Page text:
Do you get much help at home? Is your DS going to nursery? It might help to do what they call "babymoon" i.e. spend a day/couple of days (or whatever time you can find) concentrating solely on feeding DD. As much skin to skin as possible, baths are always lovely for this. Someone bringing you sandwiches and tea in bed - well, that might be a step to far smile

It's really really hard expressing all the time - it's exhausting and demoralising and that must make it more difficult. Do get some support sorted - search some threads in the breastfeeding section - La Leche, NCT etc all have helplines. Hopefully someone more knowledgeable will come along in a moment who actually has experience of ringing them!

Good luck whatever you decide to do and just remember what a great start you've given your DD so far smile

WobblyPig Thu 25-Jun-09 00:04:18

HV is a man - who admits to knowing nothing about breast feeding. DS not in nursery and no help at home. Would have loved to spent time with new baby but Dh is self-employed and didn't take very much time off after birth.
Thanks for support and advice. Just wonder how other mums manage it.

Schoolgirl Thu 25-Jun-09 08:47:00

Definitely look beyond your HV then if he admits he's not experienced - he should be able to point you in the right direction if nothing else. Is there a breastfeeding cafe near you? I've no experience of them myself but apparently they're fabulous for helping you build your confidence.

You sound very isolated - I know the feeling as I've no family around to help either. I must admit to neglecting my DD a lot during the first couple of months but it is worth it in the long run. Children are resilient - they do adapt although sometimes it is a pain I agree.

I think you need to plonk DS in front of the telly one morning and ring around your hospital, La Leche, NCT and see if someone can come round (or you can go to them if it's practical) to help you.

I might be totally wrong (and hopefully Tiktok or one of the other MN experts will come and correct me) but I was told green poo was a sign that they were taking too much foremilk (the first more watery milk) and not enough hindmilk (the second more creamy milk). I think this advice might be a bit outdated now. Do you feed her on one breast or both sides? I found in the early days that it was better to feed DS fully on one side for about 40 minutes (sometimes an hour) to make sure he got the full benefit. If he came off and on again, I persevered until I thought he was full. I also compressed my breast while he was feeding to try to increase supply (you can google to get some videos of this).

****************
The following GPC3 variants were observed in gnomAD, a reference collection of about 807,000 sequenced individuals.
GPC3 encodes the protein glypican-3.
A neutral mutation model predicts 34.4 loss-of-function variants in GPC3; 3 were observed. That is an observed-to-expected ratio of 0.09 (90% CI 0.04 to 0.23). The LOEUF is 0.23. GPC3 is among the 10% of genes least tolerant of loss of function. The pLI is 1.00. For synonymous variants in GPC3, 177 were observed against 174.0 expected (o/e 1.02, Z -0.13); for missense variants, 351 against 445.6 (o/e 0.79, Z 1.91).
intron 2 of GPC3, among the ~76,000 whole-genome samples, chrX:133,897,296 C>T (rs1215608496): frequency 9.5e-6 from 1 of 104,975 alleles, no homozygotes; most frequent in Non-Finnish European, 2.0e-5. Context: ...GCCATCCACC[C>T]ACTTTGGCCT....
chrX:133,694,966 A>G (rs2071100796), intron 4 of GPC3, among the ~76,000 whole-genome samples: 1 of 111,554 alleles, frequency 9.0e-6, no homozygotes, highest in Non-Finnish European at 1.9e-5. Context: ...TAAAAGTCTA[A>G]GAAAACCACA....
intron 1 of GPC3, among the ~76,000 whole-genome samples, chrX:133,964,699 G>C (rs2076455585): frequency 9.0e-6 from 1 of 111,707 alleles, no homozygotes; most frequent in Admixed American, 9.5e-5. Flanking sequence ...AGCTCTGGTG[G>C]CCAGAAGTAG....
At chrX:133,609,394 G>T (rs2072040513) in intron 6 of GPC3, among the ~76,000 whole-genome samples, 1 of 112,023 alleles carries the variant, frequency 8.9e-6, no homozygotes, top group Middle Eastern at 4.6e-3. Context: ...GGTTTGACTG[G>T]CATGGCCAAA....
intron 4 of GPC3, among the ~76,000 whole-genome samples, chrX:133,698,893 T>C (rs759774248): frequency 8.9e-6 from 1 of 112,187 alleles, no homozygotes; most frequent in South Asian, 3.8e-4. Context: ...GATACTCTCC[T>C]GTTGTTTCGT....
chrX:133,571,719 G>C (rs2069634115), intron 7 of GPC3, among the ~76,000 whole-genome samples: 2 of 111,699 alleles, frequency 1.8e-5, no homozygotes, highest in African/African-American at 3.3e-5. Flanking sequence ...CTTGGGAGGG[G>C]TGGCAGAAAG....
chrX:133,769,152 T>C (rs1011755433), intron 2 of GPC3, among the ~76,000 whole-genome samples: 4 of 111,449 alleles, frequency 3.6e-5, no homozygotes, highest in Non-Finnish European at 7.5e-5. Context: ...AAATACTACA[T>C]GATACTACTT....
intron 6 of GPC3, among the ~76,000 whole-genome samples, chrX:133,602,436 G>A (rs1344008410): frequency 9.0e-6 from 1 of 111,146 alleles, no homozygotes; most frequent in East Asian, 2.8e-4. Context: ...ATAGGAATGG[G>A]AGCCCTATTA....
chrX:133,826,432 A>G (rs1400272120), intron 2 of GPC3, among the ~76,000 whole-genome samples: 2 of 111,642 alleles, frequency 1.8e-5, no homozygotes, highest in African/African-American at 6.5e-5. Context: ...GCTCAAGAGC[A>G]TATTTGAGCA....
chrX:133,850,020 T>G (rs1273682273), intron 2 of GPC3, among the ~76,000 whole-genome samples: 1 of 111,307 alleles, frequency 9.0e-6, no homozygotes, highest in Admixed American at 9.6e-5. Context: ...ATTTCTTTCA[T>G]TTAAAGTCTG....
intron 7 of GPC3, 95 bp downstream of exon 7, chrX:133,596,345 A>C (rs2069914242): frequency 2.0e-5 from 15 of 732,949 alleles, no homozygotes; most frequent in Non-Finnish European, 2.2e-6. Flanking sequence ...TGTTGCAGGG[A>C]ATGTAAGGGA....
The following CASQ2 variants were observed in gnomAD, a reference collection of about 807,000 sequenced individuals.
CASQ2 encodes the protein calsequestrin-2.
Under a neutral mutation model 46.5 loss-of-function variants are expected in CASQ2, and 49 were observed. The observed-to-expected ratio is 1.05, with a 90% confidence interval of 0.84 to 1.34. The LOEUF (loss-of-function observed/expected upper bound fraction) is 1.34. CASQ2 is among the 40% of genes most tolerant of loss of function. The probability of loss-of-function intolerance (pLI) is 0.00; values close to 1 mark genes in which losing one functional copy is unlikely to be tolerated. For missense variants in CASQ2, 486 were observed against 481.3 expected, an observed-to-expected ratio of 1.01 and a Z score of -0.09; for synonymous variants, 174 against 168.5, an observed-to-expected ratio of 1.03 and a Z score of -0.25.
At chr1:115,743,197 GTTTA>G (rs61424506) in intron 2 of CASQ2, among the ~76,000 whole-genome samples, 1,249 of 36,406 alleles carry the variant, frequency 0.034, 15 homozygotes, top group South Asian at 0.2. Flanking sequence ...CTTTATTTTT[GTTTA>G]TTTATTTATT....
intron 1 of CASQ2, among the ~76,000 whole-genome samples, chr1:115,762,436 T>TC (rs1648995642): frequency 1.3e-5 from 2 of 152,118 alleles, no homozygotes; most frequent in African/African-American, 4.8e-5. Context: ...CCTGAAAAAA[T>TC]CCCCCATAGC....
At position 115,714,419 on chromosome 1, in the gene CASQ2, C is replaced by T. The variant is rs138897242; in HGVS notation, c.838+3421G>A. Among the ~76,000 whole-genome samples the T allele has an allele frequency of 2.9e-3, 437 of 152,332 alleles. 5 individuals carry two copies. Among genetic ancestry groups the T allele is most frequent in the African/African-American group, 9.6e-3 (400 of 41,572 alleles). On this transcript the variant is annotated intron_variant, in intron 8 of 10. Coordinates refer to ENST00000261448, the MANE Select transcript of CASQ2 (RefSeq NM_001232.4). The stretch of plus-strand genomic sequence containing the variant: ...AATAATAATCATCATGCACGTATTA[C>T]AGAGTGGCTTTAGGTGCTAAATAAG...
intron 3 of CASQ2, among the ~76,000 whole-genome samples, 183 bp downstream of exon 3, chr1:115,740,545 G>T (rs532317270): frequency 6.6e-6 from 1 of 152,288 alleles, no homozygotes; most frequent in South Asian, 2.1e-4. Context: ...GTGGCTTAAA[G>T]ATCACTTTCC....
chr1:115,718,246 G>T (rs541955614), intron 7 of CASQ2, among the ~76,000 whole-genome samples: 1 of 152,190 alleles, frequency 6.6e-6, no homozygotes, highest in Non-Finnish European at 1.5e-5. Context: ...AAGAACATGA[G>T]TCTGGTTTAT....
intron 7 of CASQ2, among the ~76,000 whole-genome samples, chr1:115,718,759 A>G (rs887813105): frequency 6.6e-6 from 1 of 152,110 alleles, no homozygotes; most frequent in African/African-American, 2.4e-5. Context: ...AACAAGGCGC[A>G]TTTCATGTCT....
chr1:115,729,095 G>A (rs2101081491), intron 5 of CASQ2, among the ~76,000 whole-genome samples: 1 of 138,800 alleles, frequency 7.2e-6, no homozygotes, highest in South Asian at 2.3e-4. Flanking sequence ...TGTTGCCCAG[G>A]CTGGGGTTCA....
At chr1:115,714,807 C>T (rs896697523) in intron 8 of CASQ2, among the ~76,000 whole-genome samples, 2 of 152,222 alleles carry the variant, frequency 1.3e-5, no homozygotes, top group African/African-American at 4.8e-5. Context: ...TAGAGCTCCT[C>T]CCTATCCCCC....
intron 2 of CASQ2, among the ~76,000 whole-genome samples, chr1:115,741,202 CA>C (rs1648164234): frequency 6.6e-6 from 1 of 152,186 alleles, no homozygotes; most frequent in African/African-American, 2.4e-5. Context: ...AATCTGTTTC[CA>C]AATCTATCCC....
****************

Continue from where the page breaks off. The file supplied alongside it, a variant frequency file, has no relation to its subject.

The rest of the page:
One final word (and then I'll go I promise). Sometimes the only time i got to myself was at night when I would literally strip us both to underwear and co-sleep to try to get him to feed more and for longer. It meant DH was relegated to the sofa but I think it made a big difference. Might be worth a try

tiktok Thu 25-Jun-09 09:18:31

Some good ideas here , Wobbly. You might want to think about complaining officially about an HV who knows nothing about breastfeeding. It's good he admits it, but shocking that this very important, central aspect of care for clients is missing. I wonder if he knows 'nothing' about immunisation?

Green poo is normal in an otherwise healthy baby. It is not a sign that anything needs to be done to change it, unless the baby is showing other signs of distress. Yes, it can be a reflection of the baby getting less fatty milk, but that doesn't matter a bit - as long as the baby is thriving, of course. The baby will get the calories and the fat he needs by taking a greater volume of milk. This is ok!

Wobbly, you do need RL help, I think, to help you work out what to do to get your baby back onto the breast. You can discuss things like expressing more often to build up your supply; doing extended skin to skin; not pressurising your baby to feed, just enjoying being in a position where he might be 'enabled' to take the breast. I don't think there is any evidence you need to change your diet - if this was an issue it would happen with ebm.

It can be misleading to judge breastmilk intake by the size of the formula bottle taken afterwards - again, a good discussion with someone in real life will help you explore all this.

Hope this helps.